Restoring Mobility to a Physician with Knee Arthritis using Stem Cells

By Chris Centeno, MD /

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knee stem cell treatment

AL is a 61 year old physician who had knee surgery while in medical school with increasing knee pain over the past few years. His prior knee surgery had removed the better part of the inside (medial) meniscus, leaving no protection for that joint cartilage. His MRI showed arthritis on the inside of the knee and a partially torn ACL ligament. When the ACL ligaments are stretched or partially torn, it’s common for the knee to be unstable and have more wear and tear arthritis. He was also diagnosed with a pes anserine tendonopathy, meaning where the thigh muscles attached to the inside of the knee was chronically swollen. AL knew he was a knee replacement candidate, but like many health care providers we treat, he also knew he didn’t want to head in that therapeutic direction. This is often because doctors, nurses, and other people who work in health care see and take care of patients with complications due to knee replacement. In addition, recent research regarding wear particles generated by all types of knee replacements were also a concern. The patient underwent x-ray guided procedures for his knee ACL ligaments that culminated in several Regenexx-SCP procedures where his own blood derived stem cells were injected into his knee joint. After several injections that were performed once a month, he reported a marked reduction in knee pain with activities. Prior to the procedure, he had difficulty climbing stairs and especially climbing hills while golfing. After the procedure he reported being able to play golf and climb hills with very minimal pain. While AL had a great result, this doesn’t assure that everyone’s knee arthritis we treat with a knee stem cell treatment will experience this kind of increased activity. However, we’re really happy to see AL back in the “swing” of things!

Chris Centeno, MD

Regenexx Founder

Chris Centeno, MD is a specialist in regenerative medicine and the new field of Interventional Orthopedics. Centeno pioneered orthopedic stem cell procedures in 2005 and is responsible for a large amount of the published research on stem cell use for orthopedic applications.
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Regenerative procedures are commonly used to treat musculoskelatal trauma, overuse injuries, and degenerative issues, including failed surgeries.
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Shoulder

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Many Shoulder and Rotator Cuff injuries are good candidates for regenerative treatments. Before considering shoulder arthroscopy or shoulder replacement, consider an evaluation of your condition with a regenerative treatment specialist.

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Many spine injuries and degenerative conditions are good candidates for regenerative treatments and there are a number of studies showing promising results in treating a wide range of spine problems. Spine surgery should be a last resort for anyone, due to the cascade of negative effects it can have on the areas surrounding the surgery. And epidural steroid injections are problematic due to their long-term negative impact on bone density.

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Knee

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Knees are the target of many common sports injuries. Sadly, they are also the target of a number of surgeries that research has frequently shown to be ineffective or minimally effective. Knee arthritis can also be a common cause for aging athletes to abandon the sports and activities they love. Regenerative procedures can be used to treat a wide range of knee injuries and conditions. They can even be used to reduce pain and delay knee replacement for more severe arthritis.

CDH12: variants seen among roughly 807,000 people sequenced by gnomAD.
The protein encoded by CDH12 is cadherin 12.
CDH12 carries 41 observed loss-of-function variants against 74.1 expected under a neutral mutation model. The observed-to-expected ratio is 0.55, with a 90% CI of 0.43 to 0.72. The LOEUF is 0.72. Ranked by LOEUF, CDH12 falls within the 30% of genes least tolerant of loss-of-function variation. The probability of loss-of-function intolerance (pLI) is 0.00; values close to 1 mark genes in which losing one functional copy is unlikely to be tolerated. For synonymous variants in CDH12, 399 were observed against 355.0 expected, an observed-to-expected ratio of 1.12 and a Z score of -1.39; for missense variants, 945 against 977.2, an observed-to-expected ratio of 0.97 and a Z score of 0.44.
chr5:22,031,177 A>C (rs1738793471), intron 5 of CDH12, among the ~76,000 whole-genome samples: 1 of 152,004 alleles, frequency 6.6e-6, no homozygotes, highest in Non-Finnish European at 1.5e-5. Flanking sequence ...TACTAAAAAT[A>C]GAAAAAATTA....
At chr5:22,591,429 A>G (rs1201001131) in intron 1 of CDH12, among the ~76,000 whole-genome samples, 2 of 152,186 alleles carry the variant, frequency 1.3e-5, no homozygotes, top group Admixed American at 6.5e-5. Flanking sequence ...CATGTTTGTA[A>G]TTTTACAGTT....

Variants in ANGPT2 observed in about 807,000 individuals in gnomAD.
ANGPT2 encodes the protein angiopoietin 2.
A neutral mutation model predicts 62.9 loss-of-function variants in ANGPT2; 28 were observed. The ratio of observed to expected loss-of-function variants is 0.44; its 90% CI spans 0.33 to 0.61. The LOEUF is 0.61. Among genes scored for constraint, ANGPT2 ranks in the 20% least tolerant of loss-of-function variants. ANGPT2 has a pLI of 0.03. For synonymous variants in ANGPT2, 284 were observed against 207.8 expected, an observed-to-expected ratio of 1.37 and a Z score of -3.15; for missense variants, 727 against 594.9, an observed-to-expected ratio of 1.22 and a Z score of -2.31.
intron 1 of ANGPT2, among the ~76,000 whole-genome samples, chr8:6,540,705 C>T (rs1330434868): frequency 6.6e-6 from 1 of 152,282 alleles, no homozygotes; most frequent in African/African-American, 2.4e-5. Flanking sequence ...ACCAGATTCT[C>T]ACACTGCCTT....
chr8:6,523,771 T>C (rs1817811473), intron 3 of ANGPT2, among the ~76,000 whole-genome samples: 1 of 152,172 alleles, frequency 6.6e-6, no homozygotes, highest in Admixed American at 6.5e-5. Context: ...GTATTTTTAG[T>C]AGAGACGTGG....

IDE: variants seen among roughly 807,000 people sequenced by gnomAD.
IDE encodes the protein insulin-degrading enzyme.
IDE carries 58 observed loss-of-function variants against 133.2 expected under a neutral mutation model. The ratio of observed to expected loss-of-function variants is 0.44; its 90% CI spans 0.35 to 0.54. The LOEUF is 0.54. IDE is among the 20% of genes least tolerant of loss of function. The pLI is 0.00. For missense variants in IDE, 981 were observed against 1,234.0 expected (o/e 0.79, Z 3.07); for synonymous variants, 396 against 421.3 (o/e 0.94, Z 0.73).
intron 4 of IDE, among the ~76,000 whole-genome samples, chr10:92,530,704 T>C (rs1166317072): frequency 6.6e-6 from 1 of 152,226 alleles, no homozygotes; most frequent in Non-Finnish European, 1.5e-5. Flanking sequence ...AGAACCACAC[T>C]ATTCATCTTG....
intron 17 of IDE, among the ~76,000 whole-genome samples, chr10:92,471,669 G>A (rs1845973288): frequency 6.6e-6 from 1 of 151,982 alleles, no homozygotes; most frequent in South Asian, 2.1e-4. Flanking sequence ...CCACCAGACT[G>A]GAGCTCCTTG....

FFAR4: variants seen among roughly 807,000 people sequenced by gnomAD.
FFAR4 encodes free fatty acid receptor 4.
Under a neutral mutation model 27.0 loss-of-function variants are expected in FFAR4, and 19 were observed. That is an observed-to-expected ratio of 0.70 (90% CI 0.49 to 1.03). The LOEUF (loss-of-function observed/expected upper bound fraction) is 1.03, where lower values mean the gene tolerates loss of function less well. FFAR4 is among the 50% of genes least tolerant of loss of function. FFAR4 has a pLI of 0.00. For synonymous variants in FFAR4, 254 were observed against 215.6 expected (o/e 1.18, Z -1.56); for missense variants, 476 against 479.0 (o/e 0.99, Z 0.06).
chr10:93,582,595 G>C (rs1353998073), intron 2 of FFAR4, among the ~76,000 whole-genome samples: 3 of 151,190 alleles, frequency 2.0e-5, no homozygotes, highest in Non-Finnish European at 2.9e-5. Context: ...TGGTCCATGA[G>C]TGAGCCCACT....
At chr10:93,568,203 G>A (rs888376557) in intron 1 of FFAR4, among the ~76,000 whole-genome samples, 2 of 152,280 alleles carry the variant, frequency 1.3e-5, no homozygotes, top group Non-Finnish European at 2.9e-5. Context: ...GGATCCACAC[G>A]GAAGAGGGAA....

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Lower Spine

Spine

Many spine injuries and degenerative conditions are good candidates for regenerative treatments and there are a number of studies showing promising results in treating a wide range of spine problems. Spine surgery should be a last resort for anyone, due to the cascade of negative effects it can have on the areas surrounding the surgery. And epidural steroid injections are problematic due to their long-term negative impact on bone density.

  • Herniated, Bulging, Protruding Discs
  • Degenerative Disc Disease
  • SI Joint Syndrome
  • Sciatica
  • Pinched Nerves and General Back Pain
  • And more
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Hand & Wrist

Hand and wrist injuries and arthritis, carpal tunnel syndrome, and conditions relating to overuse of the thumb, are good candidates for regenerative treatments. Before considering surgery, consider an evaluation of your condition with a regenerative treatment specialist.
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Elbow

Elbow

Most injuries of the elbow’s tendons and ligaments, as well as arthritis, can be treated non-surgically with regenerative procedures.

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Hip

Hip

Hip injuries and degenerative conditions become more common with age. Do to the nature of the joint, it’s not quite as easy to injure as a knee, but it can take a beating and pain often develops over time. Whether a hip condition is acute or degenerative, regenerative procedures can help reduce pain and may help heal injured tissue, without the complications of invasive surgical hip procedures.

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Foot & Ankle

Foot & Ankle

Foot and ankle injuries are common in athletes. These injuries can often benefit from non-surgical regenerative treatments. Before considering surgery, consider an evaluation of your condition with a regenerative treatment specialist.
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